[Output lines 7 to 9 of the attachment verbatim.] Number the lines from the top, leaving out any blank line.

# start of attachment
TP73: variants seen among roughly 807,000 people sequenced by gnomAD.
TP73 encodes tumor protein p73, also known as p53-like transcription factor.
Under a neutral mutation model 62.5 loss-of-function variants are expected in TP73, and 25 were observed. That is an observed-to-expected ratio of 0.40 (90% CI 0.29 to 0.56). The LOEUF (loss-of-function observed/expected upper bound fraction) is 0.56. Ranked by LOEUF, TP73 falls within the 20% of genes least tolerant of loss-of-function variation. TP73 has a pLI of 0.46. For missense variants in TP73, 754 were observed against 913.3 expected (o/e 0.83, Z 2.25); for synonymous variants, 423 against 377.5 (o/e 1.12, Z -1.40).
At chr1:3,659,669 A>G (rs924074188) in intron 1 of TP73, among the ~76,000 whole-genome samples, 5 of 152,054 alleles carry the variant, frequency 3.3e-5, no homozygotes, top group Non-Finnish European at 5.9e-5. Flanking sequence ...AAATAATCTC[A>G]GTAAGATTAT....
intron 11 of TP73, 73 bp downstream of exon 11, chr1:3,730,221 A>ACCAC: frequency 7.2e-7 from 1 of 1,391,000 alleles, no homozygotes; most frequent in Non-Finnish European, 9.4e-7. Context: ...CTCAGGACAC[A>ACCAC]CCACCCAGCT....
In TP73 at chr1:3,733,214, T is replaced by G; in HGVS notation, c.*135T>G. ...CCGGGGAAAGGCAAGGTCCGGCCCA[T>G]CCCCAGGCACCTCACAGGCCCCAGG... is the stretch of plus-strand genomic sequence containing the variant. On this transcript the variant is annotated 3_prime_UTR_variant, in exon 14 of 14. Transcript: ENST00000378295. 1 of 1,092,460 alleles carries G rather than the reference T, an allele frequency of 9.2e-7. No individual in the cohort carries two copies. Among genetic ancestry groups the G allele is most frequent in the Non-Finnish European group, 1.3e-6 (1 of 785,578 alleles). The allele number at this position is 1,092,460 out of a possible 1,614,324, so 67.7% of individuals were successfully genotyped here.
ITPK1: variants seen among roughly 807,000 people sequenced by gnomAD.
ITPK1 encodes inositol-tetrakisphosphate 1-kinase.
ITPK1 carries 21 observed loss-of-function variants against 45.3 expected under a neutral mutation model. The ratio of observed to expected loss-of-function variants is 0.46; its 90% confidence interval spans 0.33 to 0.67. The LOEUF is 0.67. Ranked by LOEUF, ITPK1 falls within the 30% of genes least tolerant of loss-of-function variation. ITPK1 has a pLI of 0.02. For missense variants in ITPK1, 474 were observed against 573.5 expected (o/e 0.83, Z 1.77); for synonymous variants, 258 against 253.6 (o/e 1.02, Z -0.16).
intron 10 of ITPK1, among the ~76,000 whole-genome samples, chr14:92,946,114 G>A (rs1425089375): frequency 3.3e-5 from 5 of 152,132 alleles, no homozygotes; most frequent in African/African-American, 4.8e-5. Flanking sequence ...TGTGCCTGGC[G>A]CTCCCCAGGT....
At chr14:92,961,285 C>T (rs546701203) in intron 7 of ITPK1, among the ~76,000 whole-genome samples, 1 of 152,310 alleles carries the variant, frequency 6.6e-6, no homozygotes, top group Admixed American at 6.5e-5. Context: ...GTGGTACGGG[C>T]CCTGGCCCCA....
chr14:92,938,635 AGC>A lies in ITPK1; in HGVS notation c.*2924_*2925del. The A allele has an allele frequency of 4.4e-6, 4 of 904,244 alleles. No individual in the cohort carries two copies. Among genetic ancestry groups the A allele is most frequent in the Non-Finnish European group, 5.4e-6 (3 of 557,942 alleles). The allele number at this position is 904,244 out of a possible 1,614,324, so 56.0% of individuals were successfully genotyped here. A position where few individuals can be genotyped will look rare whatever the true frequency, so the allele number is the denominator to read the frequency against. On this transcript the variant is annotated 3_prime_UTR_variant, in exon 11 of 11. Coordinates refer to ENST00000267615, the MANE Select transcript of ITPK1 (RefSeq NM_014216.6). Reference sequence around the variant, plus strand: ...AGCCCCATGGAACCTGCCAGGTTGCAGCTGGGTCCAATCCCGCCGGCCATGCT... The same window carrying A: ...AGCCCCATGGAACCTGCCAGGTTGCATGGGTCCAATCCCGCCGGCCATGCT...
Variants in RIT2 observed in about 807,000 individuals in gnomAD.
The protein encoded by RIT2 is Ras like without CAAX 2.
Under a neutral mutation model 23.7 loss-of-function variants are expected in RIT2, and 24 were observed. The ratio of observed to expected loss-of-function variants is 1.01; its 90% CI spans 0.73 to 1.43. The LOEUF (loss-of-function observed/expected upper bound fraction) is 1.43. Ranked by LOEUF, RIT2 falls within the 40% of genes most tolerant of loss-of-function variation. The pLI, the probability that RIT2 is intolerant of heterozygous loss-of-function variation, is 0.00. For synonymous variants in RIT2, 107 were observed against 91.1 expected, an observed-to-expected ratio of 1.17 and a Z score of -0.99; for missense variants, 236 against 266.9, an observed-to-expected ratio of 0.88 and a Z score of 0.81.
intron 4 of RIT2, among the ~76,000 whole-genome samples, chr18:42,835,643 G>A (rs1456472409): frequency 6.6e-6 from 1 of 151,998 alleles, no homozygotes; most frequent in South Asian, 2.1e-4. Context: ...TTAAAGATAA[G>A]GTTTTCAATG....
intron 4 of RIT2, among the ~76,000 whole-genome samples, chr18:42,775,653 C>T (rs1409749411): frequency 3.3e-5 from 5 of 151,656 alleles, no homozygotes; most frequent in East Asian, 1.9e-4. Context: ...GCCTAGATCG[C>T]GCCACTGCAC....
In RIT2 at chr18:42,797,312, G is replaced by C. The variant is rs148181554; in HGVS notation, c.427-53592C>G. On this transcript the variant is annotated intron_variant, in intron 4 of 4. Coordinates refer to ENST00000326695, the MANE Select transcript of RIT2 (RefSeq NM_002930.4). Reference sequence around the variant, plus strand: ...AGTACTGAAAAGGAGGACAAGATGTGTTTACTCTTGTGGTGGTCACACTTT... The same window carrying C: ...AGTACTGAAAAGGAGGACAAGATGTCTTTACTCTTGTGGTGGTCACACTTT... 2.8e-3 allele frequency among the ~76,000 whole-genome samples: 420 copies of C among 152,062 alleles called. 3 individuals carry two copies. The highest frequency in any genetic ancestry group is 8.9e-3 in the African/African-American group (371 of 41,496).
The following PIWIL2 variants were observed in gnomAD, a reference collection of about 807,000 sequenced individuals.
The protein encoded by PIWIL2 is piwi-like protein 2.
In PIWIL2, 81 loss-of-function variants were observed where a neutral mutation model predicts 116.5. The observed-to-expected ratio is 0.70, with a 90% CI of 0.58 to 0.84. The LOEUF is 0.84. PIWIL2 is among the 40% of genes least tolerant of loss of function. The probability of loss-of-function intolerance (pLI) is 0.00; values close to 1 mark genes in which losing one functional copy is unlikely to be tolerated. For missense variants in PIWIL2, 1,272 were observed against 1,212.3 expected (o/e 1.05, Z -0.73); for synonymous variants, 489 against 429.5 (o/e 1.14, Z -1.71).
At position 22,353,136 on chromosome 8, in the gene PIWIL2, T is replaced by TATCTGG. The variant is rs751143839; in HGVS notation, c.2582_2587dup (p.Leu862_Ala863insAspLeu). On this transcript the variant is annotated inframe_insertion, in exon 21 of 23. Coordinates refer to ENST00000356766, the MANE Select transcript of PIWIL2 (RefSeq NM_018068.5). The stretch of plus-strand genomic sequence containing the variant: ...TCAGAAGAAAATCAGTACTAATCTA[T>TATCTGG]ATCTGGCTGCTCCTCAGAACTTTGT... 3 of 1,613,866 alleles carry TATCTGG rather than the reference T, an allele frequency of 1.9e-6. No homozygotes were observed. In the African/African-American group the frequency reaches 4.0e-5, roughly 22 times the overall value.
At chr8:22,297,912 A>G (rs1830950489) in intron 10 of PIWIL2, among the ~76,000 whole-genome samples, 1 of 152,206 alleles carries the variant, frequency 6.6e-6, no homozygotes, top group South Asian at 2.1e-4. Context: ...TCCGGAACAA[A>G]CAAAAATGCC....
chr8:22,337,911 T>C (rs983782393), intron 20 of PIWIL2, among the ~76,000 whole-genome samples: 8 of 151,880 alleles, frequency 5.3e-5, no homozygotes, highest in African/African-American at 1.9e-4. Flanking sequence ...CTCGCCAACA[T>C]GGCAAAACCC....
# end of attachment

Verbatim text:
ITPK1: variants seen among roughly 807,000 people sequenced by gnomAD.
ITPK1 encodes inositol-tetrakisphosphate 1-kinase.
ITPK1 carries 21 observed loss-of-function variants against 45.3 expected under a neutral mutation model. The ratio of observed to expected loss-of-function variants is 0.46; its 90% confidence interval spans 0.33 to 0.67. The LOEUF is 0.67. Ranked by LOEUF, ITPK1 falls within the 30% of genes least tolerant of loss-of-function variation. ITPK1 has a pLI of 0.02. For missense variants in ITPK1, 474 were observed against 573.5 expected (o/e 0.83, Z 1.77); for synonymous variants, 258 against 253.6 (o/e 1.02, Z -0.16).